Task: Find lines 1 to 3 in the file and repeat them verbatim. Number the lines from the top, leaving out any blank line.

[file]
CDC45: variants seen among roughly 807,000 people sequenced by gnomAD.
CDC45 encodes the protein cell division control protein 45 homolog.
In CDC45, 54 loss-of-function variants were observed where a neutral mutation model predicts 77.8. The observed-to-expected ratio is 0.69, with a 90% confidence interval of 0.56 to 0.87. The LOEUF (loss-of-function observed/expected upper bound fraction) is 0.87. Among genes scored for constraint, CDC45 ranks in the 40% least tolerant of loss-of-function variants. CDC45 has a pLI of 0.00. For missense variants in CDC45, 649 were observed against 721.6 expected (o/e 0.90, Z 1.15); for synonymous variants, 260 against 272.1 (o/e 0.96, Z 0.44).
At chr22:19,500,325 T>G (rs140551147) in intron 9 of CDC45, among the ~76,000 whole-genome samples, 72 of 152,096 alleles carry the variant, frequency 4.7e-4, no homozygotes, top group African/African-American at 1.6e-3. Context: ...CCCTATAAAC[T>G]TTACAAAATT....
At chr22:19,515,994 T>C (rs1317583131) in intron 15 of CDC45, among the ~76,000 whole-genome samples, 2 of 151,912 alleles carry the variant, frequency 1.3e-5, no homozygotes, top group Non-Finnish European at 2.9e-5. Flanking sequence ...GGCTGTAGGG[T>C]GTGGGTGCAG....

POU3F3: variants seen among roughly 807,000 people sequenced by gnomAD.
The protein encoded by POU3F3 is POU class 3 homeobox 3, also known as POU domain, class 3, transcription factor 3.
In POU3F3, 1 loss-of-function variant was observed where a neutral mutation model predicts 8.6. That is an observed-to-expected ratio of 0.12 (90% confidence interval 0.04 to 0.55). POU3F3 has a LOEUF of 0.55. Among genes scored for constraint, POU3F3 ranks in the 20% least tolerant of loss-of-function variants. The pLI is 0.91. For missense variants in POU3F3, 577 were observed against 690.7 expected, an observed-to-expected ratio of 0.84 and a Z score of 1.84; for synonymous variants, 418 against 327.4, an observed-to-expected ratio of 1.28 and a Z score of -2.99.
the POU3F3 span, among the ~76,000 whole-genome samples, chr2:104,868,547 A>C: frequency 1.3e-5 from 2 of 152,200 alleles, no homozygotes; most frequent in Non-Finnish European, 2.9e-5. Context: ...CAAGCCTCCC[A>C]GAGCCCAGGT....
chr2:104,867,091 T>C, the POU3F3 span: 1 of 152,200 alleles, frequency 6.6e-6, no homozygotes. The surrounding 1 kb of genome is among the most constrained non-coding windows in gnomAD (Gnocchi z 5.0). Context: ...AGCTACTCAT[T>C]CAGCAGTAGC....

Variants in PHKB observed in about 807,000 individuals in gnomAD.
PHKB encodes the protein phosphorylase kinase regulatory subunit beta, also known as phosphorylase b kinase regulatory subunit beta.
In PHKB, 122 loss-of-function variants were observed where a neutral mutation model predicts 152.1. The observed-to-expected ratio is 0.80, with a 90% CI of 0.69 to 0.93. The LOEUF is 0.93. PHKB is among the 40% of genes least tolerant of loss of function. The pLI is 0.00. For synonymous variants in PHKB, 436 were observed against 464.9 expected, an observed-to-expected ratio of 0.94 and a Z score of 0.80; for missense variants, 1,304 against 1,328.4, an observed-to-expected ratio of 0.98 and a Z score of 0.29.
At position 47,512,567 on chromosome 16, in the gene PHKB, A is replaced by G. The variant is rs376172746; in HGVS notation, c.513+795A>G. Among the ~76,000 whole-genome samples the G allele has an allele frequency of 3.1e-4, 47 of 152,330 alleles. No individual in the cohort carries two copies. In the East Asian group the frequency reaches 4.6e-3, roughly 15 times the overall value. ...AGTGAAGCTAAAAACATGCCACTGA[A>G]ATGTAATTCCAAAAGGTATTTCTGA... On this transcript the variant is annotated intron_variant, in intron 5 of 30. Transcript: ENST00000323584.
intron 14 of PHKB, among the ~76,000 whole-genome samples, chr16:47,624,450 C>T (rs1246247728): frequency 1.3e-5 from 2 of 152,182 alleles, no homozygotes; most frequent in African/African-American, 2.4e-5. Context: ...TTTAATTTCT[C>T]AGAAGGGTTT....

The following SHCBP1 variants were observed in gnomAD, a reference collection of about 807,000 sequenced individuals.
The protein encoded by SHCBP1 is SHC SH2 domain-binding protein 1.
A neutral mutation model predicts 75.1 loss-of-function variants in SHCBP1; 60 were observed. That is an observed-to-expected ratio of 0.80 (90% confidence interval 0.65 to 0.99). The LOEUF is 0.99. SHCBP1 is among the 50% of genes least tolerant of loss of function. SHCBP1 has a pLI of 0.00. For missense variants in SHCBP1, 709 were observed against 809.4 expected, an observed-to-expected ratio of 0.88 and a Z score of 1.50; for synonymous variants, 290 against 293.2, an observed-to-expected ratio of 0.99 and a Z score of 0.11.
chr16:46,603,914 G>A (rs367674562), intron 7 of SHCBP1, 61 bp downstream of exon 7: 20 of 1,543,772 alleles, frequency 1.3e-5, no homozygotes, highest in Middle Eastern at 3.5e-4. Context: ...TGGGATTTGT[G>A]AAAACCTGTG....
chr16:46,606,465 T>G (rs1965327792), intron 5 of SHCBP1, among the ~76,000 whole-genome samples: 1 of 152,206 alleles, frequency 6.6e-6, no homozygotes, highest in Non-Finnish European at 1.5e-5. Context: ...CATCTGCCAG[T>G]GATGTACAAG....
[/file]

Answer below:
CDC45: variants seen among roughly 807,000 people sequenced by gnomAD.
CDC45 encodes the protein cell division control protein 45 homolog.
In CDC45, 54 loss-of-function variants were observed where a neutral mutation model predicts 77.8. The observed-to-expected ratio is 0.69, with a 90% confidence interval of 0.56 to 0.87. The LOEUF (loss-of-function observed/expected upper bound fraction) is 0.87. Among genes scored for constraint, CDC45 ranks in the 40% least tolerant of loss-of-function variants. CDC45 has a pLI of 0.00. For missense variants in CDC45, 649 were observed against 721.6 expected (o/e 0.90, Z 1.15); for synonymous variants, 260 against 272.1 (o/e 0.96, Z 0.44).